House rules package in the spotlight after Speaker vote drama

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The rules package that would govern House procedures throughout the new session of Congress is taking center stage after the drawn-out Speakership election in which Rep. Kevin McCarthy (R-Calif.) fought for the votes he needed to eventually take the top leadership spot.

Faced with a group of around 20 lawmakers from his own party who voted for alternative candidates and stalled progress until a 15th round of ballots, McCarthy made a number of concessions on the package in order to flip enough GOP holdouts — including changes to the procedure for introducing amendments and a change to lower the bar for motions to oust a sitting Speaker.

McCarthy eventually flipped a handful of Republican holdouts and won the Speakership in the 15th bout of voting early Saturday with 216 votes, with some Republicans voting “present.” All Democrats voted for Rep. Hakeem Jeffries (D-N.Y.).

Now that the House finally has a Speaker and new members have been sworn in, the rules package is next on the docket, and is expected to come up for a vote Monday.

Rep. Nancy Mace (R-S.C.) on CBS’s “Face the Nation” said on Sunday there are “some very great ideas” in the rules proposed, but she’s worried about any “backroom deals” that may have been brokered as McCarthy worked behind the scenes to get the hard-line holdouts to vote for him.

“What I saw last week was a small faction … trying to cut backroom deals in private, in secret, without anyone knowing what else was going on,” Mace said, raising concerns about a smaller group within the 20 Republicans who resisted McCarthy.

“We don’t have any idea what promises were made, or what gentlemen’s handshakes were made,” Mace said, adding that the lack of transparency gives her “quite a bit of heartburn.”

“So my question really is today is: What backroom deals were cut? And did they get those?” she asked.

Mace said she’ll have to carefully consider supporting the rules package, while Rep. Jim Jordan (R-Ohio) said he’s confident McCarthy will get the votes to pass it.

“I think we’ll get the 218 votes we need to pass the rules package,” Jordan said on “Fox News Sunday” with host Shannon Bream.

Rep. Tony Gonzales (R-Texas), however, on “Face the Nation” Sunday said he doesn’t plan to support the rules package due to a possible cut in defense spending.

The GOP response to the drama during the Speakership race — and to the divisions within the party as lawmakers split on support for McCarthy — has varied, with some Republicans on Sunday dismissing the turmoil as “pointless” and others calling it a “healthy” exercise in democracy.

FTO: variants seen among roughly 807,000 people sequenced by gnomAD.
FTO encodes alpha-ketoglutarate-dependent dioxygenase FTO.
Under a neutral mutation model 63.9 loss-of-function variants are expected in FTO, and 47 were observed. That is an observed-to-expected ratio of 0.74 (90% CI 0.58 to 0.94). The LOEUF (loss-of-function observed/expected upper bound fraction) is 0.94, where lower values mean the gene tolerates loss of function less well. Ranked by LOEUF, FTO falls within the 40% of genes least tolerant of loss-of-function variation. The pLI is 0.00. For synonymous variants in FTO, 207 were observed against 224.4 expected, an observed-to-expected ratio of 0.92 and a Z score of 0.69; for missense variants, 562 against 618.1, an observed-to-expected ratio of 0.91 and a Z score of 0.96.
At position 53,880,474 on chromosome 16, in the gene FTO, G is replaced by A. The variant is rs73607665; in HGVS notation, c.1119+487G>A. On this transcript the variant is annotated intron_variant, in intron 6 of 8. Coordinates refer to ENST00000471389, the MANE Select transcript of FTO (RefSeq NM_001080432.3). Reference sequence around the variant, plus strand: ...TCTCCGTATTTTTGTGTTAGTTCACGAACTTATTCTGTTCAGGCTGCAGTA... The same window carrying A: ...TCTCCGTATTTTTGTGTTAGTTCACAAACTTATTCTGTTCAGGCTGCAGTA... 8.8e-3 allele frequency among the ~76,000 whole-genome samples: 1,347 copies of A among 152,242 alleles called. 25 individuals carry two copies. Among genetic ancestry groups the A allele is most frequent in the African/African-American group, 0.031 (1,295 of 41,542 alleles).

Rep. Dan Crenshaw (R-Texas) said on CNN’s “State of the Union” that there wasn’t “as much disagreement as everyone thinks” in negotiations about the rules package and that the drama was “pointless.”

“There was no reason for us to keep voting, keep voting, keep allowing these speeches that just degraded and diminished and insulted Kevin McCarthy. We didn’t have to keep doing that. We could have just adjourned for the whole week and just kept negotiating. So that’s where the heartburn is and that’s what I want people to know. This deal was easy. That wasn’t the hard part,” Crenshaw said.

On the other hand, Rep. Andy Barr (R-Ky.) said on ABC’s “This Week” that the debate on display last week is “what a healthy democracy actually requires” and is a good sign for the new Congress.

“I understand the American people’s concern with the delay in electing a Speaker. Certainly it’s going to be a challenge to have a conference full of independent thinkers with a thin majority. But not only did the Framers of our Constitution expect us to debate the operations of the House … that’s what a healthy democracy actually requires,” Barr said.

And Rep. Chip Roy (R-Texas) on “State of the Union” said Congress needs conflict in order to get lawmakers on both sides of the aisle to the debate table.

“Let’s remember that a little temporary conflict is necessary in this town in order to stop this town from rolling over the American people,” Roy said.

“I don’t think anybody, on either side of the aisle, could say with a straight face that they think that Washington is doing good work for the American people on a regular basis and isn’t broken. We have to work to fix this place.”

The delay caused by the Speakership election means the House is cutting it close to a Jan. 13 deadline by which the rules package must be adopted in order to process payroll for staff, according to guidance from the House Administration Committee first reported by Politico.

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